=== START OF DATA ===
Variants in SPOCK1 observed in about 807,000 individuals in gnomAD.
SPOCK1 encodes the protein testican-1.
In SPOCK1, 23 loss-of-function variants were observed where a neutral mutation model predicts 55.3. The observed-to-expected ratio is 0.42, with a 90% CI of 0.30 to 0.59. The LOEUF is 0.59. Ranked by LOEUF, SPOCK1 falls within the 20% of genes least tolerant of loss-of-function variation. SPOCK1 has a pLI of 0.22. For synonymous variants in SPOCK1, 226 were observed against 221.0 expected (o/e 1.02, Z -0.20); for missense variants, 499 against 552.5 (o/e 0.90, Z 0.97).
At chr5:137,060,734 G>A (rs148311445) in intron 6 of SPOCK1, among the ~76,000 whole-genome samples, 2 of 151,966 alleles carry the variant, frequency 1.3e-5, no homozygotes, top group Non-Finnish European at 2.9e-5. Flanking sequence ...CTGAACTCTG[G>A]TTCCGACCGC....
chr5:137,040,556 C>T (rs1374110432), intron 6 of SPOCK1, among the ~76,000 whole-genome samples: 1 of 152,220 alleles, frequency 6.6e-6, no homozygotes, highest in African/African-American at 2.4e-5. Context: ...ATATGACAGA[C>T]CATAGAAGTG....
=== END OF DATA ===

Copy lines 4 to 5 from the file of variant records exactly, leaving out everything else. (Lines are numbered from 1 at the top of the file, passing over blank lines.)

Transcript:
At chr5:137,060,734 G>A (rs148311445) in intron 6 of SPOCK1, among the ~76,000 whole-genome samples, 2 of 151,966 alleles carry the variant, frequency 1.3e-5, no homozygotes, top group Non-Finnish European at 2.9e-5. Flanking sequence ...CTGAACTCTG[G>A]TTCCGACCGC....
chr5:137,040,556 C>T (rs1374110432), intron 6 of SPOCK1, among the ~76,000 whole-genome samples: 1 of 152,220 alleles, frequency 6.6e-6, no homozygotes, highest in African/African-American at 2.4e-5. Context: ...ATATGACAGA[C>T]CATAGAAGTG....